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Last year, NPR Music introduced Turning the Tables, a list of the greatest albums made by women in the classic album era. Today, the second iteration of the list concentrates on the 200 greatest songs by women and non-binary artists in the new millennium.

On Friday, the Cleveland Orchestra suspended one of its star performers, violinist and concertmaster William Preucil, over allegations of sexual misconduct published Thursday by the Washington Post.

On the cover of Ten Day, Chance The Rapper's debut mixtape, a cartoonish-but-detailed illustration of the Chicago artist looks upwards in wonder, as pillowy clouds float in the sky behind him. It is, perhaps, a too-apt metaphor for the ascent that Chance's career has experienced since that 2012 release, from son-of-a-politician mixtape rapper to bona fide chart-topper, festival headliner and Grammy winner.

This weekend, NPR Music will be on the ground at one of our favorite summer events: the Newport Folk Festival. We're looking forward to hearing the brilliant sounds of Courtney Barnett, gospel powerhouse The War and Treaty and the instrumental vibrations of Khruangbin.

The Kennedy Center annually recognizes artists who have had a uniquely wide and enduring impact on American culture. On Wednesday, the Washington, D.C.

Wayne Shorter was 15 when he first wrote and illustrated his own comic book, in blue ballpoint pen. That was in 1949, and Shorter has traveled great distances since, becoming an influential saxophonist, a 10-time Grammy winner and one of the most highly regarded composers in modern jazz.

On Tuesday, the Securities and Exchange Commission (SEC) announced that it has settled its claims against the founder of the failed Fyre Festival, Billy McFarland. The commission accused McFarland of defrauding more than 100 investors out of $27.4 million. McFarland has admitted to the SEC's charges against him.

In 2017, NPR Music published a list of the 200 Greatest Albums Made By Women. The list, selected by women from across the public radio system, launched our series Turning the Tables, which aims to radically change how we talk about the history of popular music.

On Monday, Jay-Z's entertainment company Roc Nation and the city of Philadelphia have reached an agreement that will keep the rapper and entrepreneur's Made in America festival at its original home, the Benjamin Franklin Parkway, in 2019 and beyond.

Copyright 2018 NPR. To see more, visit http://www.npr.org/.

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"Today is the day you've been waiting for," R. Kelly claims in an Instagram post Monday morning in which he directs his followers to listen to a new, 19-minute song titled "I Admit," in which the singer obliquely or directly addresses allegations levied against him over the past year.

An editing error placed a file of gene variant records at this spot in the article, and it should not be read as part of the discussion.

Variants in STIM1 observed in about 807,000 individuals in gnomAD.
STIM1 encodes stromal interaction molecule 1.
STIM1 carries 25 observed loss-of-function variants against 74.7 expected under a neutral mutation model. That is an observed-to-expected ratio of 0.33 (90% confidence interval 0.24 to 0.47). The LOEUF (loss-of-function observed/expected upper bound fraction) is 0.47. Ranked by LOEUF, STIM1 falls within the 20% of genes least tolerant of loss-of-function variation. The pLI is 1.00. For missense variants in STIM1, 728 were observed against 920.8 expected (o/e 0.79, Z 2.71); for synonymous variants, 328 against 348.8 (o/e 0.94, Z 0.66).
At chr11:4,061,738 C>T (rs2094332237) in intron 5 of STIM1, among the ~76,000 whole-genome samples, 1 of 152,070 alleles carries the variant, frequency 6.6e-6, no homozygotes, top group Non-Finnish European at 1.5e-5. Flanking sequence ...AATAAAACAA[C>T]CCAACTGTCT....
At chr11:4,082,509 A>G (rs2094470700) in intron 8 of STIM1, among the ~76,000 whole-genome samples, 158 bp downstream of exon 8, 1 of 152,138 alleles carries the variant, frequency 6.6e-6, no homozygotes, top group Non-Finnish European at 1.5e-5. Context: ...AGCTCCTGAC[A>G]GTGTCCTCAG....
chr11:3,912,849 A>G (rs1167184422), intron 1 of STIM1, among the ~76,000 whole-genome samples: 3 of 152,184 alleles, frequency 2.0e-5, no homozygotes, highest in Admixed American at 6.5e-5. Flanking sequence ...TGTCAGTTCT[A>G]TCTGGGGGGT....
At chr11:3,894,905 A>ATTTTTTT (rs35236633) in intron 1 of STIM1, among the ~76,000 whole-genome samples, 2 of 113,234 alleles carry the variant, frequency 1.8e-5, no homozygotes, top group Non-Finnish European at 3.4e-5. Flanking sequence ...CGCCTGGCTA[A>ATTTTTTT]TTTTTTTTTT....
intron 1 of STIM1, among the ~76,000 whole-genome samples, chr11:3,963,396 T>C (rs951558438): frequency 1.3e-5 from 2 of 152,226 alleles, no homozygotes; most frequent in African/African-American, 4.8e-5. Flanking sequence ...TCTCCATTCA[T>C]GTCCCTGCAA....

Copyright 2018 NPR. To see more, visit http://www.npr.org/.

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Before "Ziggy Stardust," before "Major Tom," David Bowie was a 16-year-old known as David Jones. And he was a member of a band called the Konrads.

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Aussie psych project Tame Impala and electronic star Zhu have given their collaboration "My Life" the video treatment and enlisted Willow Smith as its bittersweet protagonist.

Earlier this week, Drake secured the fourth solo Billboard Hot 100 No. 1 of his career with the song "In My Feelings," off his fifth studio album Scorpion. But while most of the raps are his, the song's skyrocket up the charts is due, in large part, to something Drake had nothing to do with.

Made in America, an annual music festival founded by Jay-Z and produced by Live Nation, may be forced to leave its home on the streets of Philadelphia as of 2019.

The office of mayor Jim Kenney told reporters on Tuesday that the festival's signature location in front of the Philadelphia Museum of Art was causing problems for the city. Jay-Z and other festival organizers have fired back, saying that the event's site is being moved without discussion, and that the mayor's office made its plans public without first informing the festival.

MGM Resorts International, the company that owns Mandalay Bay Resort and Casino in Las Vegas, has named victims of last year's music festival massacre as defendants in a lawsuit late last week. MGM is not seeking money from the victims, but is instead asking a court to declare that the company is not liable for the shooting at Route 91 Harvest music festival last October.

Earlier this week, Guns N' Roses' video for "November Rain" hit a curious milestone: Released in 1992, it's the oldest video ever to be streamed a billion times on YouTube.

One of Broadway's hottest tickets is coming to small screens: "Springsteen on Broadway" will be launched as a Netflix special this December.

The one-man show, which was written by Bruce Springsteen, earned him a Tony Award in June. Directed and produced by Thom Zimny, it has been a sensation in New York, where it's been seen by intimate audiences of less than 1,000 people per show at the Walter Kerr Theatre.

Updated at 5:40 p.m. ET

The company that owns the Mandalay Bay Resort and Casino in Las Vegas has asked federal courts to declare that it is not liable in the October 2017 mass shooting carried out by a gunman staying at Mandalay Bay.

Stephen Paddock stayed at the resort for several days before he opened fire on the Route 91 Harvest music festival. Aiming from the windows of his 32nd-floor hotel room, he killed 58 people and injured hundreds.

Updated at 5:04 p.m. ET

Just after the second half of yesterday's World Cup final between France and Croatia had begun, four people dressed in Russian police uniforms briefly disrupted the game. On social media, Pussy Riot took responsibility for the protest.

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